Those are the exact rules that I use each and everyday, and it's almost automatic. After a bad day trading, I will look at my rules and see that I did not follow them like I should have. And again, the opposite is true. After a good day, I'll look at them and see that I followed them very well.

I really believe my ability to follow those exact rules is a direct reflection of how much money I will make with my trading. The more I follow them, the better I trade.

I'm quite sure the same thing will happen for you. Although I would say you'll want to come up with your own set of rules. You can certainly use mine as a guide, but the important thing is you must be comfortable with the rules you come up with. I know that I'm very comfortable with my rules. You'll need to do that with your rules. If you're not comfortable, they will be very difficult for you to follow and the odds of you being profitable will be very low.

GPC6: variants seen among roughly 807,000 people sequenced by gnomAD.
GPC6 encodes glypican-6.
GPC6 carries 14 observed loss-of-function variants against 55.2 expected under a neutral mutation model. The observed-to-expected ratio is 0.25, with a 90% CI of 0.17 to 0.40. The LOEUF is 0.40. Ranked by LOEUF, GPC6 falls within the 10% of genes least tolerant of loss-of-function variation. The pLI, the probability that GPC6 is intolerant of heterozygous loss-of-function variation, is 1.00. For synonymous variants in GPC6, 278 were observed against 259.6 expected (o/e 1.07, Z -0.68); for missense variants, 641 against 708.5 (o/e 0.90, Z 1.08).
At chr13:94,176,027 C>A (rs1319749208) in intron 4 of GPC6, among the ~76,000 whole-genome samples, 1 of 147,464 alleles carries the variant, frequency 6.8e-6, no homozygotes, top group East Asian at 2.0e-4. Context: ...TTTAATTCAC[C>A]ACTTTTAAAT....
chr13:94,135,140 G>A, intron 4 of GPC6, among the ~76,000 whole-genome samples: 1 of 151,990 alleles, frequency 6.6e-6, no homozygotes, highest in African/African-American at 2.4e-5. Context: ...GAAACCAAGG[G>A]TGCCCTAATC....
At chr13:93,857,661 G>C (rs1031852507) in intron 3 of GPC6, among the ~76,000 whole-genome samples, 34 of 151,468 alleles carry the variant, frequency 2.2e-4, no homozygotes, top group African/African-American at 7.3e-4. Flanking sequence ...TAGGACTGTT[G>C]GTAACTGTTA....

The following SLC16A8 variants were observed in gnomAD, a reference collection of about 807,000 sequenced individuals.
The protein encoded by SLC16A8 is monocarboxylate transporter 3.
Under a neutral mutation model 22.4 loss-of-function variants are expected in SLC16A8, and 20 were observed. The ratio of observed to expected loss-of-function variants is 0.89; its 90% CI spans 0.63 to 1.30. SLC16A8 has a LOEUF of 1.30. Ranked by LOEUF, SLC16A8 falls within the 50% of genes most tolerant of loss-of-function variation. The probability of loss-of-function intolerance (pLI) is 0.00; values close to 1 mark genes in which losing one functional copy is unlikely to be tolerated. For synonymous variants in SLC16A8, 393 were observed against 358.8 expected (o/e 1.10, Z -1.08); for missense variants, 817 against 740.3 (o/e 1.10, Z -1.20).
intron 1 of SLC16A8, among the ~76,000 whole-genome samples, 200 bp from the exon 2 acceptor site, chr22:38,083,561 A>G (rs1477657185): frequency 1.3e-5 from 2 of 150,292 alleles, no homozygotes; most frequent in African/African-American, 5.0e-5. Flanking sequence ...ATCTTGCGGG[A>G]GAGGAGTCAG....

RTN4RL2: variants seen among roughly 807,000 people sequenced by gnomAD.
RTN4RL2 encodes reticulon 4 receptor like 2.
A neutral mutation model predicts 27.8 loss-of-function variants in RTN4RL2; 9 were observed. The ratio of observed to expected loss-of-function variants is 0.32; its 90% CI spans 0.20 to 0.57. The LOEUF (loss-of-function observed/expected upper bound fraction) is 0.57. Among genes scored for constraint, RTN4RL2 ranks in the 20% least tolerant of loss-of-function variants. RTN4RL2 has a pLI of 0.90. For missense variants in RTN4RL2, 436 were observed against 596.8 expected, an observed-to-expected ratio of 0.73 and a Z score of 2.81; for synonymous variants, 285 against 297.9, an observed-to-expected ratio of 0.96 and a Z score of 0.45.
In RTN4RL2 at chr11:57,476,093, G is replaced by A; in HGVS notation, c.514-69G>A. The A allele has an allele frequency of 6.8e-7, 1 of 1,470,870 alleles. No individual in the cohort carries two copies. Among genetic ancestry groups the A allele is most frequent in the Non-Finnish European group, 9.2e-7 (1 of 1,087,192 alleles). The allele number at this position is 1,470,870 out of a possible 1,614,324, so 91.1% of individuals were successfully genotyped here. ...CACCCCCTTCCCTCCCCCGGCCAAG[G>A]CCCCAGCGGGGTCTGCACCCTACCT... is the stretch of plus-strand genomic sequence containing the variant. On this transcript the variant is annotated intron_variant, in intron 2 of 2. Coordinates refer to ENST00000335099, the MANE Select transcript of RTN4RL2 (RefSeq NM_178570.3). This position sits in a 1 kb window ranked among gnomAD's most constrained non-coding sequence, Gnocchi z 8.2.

One thing that is common in trading is the temptation to not follow your rules just this one time. This comes from the very real possibility of the exciting results that are possible. This is the trap that many new traders (and some experienced ones too) fall into. This trap is easy to fall into because many people have a terrible fear of missing out on a big move. A good example would be when you see the Dow Jones up 250 points and you feel as though you must find a way to get long the S&P market even if it breaks many of your rules to do so.